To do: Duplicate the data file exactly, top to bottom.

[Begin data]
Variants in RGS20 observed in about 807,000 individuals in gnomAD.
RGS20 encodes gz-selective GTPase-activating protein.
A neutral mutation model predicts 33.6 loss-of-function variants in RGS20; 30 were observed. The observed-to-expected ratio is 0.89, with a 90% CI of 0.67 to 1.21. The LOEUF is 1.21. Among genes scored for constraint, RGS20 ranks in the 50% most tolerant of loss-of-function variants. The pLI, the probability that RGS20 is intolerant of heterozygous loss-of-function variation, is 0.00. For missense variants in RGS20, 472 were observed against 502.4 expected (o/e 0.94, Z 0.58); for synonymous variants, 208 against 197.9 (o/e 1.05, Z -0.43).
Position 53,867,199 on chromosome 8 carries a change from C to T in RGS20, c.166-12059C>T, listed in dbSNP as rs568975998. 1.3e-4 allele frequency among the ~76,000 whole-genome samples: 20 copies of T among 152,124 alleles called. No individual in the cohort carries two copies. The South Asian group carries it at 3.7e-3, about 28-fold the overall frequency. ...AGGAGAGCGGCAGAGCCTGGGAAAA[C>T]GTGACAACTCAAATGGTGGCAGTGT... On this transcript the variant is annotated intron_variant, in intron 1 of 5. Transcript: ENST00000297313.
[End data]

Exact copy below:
Variants in RGS20 observed in about 807,000 individuals in gnomAD.
RGS20 encodes gz-selective GTPase-activating protein.
A neutral mutation model predicts 33.6 loss-of-function variants in RGS20; 30 were observed. The observed-to-expected ratio is 0.89, with a 90% CI of 0.67 to 1.21. The LOEUF is 1.21. Among genes scored for constraint, RGS20 ranks in the 50% most tolerant of loss-of-function variants. The pLI, the probability that RGS20 is intolerant of heterozygous loss-of-function variation, is 0.00. For missense variants in RGS20, 472 were observed against 502.4 expected (o/e 0.94, Z 0.58); for synonymous variants, 208 against 197.9 (o/e 1.05, Z -0.43).
Position 53,867,199 on chromosome 8 carries a change from C to T in RGS20, c.166-12059C>T, listed in dbSNP as rs568975998. 1.3e-4 allele frequency among the ~76,000 whole-genome samples: 20 copies of T among 152,124 alleles called. No individual in the cohort carries two copies. The South Asian group carries it at 3.7e-3, about 28-fold the overall frequency. ...AGGAGAGCGGCAGAGCCTGGGAAAA[C>T]GTGACAACTCAAATGGTGGCAGTGT... On this transcript the variant is annotated intron_variant, in intron 1 of 5. Transcript: ENST00000297313.